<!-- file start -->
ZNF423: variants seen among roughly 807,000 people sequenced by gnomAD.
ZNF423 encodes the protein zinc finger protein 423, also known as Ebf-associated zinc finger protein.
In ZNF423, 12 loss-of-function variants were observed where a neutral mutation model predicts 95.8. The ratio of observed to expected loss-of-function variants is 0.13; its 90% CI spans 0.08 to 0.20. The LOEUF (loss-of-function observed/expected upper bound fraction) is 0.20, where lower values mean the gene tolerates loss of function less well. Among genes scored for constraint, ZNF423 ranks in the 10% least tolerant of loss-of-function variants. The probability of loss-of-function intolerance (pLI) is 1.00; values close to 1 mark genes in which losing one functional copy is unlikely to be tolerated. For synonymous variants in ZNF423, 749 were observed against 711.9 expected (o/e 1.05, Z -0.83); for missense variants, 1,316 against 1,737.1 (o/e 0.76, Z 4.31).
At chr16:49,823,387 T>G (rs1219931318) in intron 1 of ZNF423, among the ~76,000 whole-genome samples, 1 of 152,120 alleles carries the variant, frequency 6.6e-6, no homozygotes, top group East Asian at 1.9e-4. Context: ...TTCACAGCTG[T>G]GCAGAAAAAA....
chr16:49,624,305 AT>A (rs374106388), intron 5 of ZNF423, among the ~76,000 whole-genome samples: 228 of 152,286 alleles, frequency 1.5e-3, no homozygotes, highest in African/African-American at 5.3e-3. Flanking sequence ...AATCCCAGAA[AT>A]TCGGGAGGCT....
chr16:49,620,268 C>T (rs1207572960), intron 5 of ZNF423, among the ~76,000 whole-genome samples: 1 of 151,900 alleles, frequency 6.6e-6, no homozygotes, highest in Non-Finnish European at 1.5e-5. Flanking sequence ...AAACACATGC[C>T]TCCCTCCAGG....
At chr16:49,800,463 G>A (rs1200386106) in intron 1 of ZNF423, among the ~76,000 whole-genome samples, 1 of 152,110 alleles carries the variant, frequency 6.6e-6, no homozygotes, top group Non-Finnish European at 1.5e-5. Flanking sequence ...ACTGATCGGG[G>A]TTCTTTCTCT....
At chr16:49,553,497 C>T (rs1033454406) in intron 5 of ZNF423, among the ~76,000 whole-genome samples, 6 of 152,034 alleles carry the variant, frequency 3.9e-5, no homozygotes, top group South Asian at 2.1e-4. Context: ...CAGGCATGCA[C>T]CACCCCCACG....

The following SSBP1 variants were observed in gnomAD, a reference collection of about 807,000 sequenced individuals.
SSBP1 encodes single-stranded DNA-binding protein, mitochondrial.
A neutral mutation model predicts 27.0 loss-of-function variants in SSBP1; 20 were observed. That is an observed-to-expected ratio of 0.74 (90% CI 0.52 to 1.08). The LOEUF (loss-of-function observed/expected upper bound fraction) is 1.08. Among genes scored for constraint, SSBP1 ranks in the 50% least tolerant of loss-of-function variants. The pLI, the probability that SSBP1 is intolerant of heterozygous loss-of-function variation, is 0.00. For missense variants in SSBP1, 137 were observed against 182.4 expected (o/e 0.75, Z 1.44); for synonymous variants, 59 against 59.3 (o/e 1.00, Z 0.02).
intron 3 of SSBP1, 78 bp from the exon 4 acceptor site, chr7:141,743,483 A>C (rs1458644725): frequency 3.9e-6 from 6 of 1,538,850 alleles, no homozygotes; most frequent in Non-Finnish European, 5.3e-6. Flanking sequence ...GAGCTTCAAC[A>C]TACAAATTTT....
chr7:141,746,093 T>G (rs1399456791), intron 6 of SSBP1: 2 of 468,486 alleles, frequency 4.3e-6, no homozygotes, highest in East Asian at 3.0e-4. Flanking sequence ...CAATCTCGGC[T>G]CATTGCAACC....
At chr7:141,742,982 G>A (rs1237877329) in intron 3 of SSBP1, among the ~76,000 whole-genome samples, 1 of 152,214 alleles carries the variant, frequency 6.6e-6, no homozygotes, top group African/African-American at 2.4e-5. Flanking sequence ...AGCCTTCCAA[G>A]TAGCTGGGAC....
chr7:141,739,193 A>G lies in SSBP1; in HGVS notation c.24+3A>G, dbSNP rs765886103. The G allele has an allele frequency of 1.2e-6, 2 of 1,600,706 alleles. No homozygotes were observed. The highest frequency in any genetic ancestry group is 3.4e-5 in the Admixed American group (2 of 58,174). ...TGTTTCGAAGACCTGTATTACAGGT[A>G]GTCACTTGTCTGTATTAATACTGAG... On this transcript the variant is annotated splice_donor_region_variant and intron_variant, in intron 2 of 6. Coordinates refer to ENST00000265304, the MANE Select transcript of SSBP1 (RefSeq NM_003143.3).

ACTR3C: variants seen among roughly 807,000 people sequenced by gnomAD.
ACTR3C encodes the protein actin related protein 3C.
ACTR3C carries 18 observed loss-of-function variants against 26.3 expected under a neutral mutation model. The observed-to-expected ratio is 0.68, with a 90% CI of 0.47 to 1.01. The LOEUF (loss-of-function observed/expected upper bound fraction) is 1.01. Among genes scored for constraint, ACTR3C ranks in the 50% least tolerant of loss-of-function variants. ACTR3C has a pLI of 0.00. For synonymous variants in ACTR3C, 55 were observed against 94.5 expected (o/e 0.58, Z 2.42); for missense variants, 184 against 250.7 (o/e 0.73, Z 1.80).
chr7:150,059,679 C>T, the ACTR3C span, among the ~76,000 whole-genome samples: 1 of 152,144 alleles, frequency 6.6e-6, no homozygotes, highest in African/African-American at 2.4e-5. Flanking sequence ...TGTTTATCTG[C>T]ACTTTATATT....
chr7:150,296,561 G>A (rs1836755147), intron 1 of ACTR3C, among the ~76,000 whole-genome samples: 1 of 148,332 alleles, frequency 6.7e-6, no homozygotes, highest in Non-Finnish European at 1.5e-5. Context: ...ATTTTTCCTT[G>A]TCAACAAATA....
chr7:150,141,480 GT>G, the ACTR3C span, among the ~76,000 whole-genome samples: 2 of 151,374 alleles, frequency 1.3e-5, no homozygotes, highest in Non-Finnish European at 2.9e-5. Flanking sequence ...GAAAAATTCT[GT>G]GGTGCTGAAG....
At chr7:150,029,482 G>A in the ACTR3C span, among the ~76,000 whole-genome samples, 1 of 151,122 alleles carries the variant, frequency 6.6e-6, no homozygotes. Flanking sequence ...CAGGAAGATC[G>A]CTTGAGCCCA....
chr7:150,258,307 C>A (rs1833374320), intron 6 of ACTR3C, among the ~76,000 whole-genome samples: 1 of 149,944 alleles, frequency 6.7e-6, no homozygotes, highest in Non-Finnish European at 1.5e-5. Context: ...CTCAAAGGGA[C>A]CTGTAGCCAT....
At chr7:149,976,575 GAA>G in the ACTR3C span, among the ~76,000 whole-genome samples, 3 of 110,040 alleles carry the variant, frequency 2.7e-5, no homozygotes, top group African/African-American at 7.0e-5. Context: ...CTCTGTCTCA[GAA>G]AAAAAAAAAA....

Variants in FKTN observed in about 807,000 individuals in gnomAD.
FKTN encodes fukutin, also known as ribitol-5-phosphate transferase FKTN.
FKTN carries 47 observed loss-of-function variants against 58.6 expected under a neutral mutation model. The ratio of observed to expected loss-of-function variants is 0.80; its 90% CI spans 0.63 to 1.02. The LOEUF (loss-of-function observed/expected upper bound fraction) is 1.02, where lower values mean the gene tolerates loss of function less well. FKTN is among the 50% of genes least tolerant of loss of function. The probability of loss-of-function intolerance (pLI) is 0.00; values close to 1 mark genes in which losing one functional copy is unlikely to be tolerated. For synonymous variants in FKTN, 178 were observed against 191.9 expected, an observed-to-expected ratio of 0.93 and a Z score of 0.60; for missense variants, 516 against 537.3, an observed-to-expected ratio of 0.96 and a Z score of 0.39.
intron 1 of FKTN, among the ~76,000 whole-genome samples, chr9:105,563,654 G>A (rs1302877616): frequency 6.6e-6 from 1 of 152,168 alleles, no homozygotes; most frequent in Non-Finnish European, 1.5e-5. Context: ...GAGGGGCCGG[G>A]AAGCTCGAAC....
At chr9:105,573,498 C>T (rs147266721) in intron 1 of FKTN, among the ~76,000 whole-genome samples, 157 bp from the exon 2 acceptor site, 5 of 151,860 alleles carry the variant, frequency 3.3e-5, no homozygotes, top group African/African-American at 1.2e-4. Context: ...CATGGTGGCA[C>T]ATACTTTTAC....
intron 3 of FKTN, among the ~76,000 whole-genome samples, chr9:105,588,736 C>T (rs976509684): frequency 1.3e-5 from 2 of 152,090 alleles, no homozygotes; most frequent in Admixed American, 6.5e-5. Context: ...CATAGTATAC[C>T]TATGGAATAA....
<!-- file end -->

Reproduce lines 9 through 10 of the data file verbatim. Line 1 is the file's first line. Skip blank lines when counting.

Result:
The following SSBP1 variants were observed in gnomAD, a reference collection of about 807,000 sequenced individuals.
SSBP1 encodes single-stranded DNA-binding protein, mitochondrial.